In the early 1960’s the Soviet military-political leadership formulated a requirement for a heavy rocket that could be used to launch large military payloads into space as well as act as a ballistic missile for nuclear warheads up to 100 MT in yield.
There were competitors for the original military Global Rocket 2 (GR-2) requirement.
The OKB-1 of S P Korolev had begun design of the enormous N1 lunar rocket, and had already put the Soviet Union first in ballistic missiles and space through use of its R-7 ICBM. Korolev was working on the successor R-9 ICBM, and the NII variant of the N1(using the top two stages) could meet the GR-2 requirement.
M K Yangel’s KB Yuzhnoye proposed creation of two related launch vehicles to fulfil the military requirement - the R-46 heavy ICBM and the R-56 launch vehicle. These would cover the entire range of military requirements. Yangel’s OKB had already supplied the military with the great majority of its operational strategic rockets - the R-12 and R-14 IRBM’s and the R-16 ICBM.
OKB-52, under V N Chelomei, proposed to create a family of rockets - the medium ICBM UR-200, the heavy ICBM UR-500 (which would fulfil the heavy launch vehicle requirement) and the huge UR-700 for lunar requirements.
As payloads for the GR-2 Chelomei considered a broad spectrum of space craft, destined to solve defence, scientific investigation, and national economic tasks. These were to be called raketoplans - piloted spacecraft for solving military tasks in space. For example, orbital raketoplans were intended to fulfil intelligence, satellite inspection, and destruction tasks. For these purposes the raketoplan was to be equipped with an orbital manoeuvring engine, targeting systems, rendezvous systems, and space-to-space weapons. Later raketoplans would be used for scientific tasks, including flight to the moon and return to earth, and economic exploitation of near-earth space. Due to their high lift to drag ratios, raketoplans could, after completing their tasks in space, make a guided descent into the earth’s atmosphere with a landing on Soviet territory. Major Events: .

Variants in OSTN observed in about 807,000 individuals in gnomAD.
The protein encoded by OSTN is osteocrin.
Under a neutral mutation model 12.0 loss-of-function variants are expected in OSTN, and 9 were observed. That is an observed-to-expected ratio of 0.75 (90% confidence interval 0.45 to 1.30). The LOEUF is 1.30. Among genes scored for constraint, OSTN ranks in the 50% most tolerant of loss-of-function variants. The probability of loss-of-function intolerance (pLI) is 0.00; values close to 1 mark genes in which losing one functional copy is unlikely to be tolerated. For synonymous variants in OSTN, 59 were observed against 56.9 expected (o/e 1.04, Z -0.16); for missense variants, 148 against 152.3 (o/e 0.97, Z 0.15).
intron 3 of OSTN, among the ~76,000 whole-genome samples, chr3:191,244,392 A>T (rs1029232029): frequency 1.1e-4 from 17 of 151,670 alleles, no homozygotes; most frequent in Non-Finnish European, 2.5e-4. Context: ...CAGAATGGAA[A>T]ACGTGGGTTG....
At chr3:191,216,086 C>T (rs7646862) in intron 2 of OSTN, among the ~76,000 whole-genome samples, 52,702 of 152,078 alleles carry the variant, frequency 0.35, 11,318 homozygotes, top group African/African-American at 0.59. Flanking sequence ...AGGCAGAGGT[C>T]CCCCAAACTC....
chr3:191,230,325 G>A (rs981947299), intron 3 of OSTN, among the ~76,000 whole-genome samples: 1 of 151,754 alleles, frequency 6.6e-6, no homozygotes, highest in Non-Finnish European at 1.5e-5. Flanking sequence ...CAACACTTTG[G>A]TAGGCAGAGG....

At first the launch vehicle was simply to consist of 4 two-stage UR-200 rockets lashed together, the first and second stages working in parallel in clusters. A third stage would be modified from the UR-200 second stage. However study of this configuration, which included manufacturing of a dynamic test article, indicated that the payload capacity could not meet the military’s requirements.
OKB-52 began to collaborate with V P Glushko’s OKB-456 in developing a high thrust storable propellant engine for the UR-500 Proton launch vehicle. Glushko had completed a storable liquid engine design of 150 tonnes for use in Korolev’s N1. However Korolev refused to accept this design, due to his categorical refusal to use toxic propellants in his rockets and his belief that such propellants could never deliver the required specific impulse. Korolev insisted on development of an oxygen-kerosene engine; Glushko categorically refused to do so. As a result, the two leading Soviet rocket designers irrevocably split. Korolev had to turn for development of his N1 engines to the aviation engine design OKB of N D Kuznetsov.
The 'polyblock' design was chosen as most advantageous, following studies that indicated improved wind loads and bending moment characteristics compared to the conventional 'monoblock' design.
Ground tests of the clustered engine assembly ran from June 1963 to January 1965.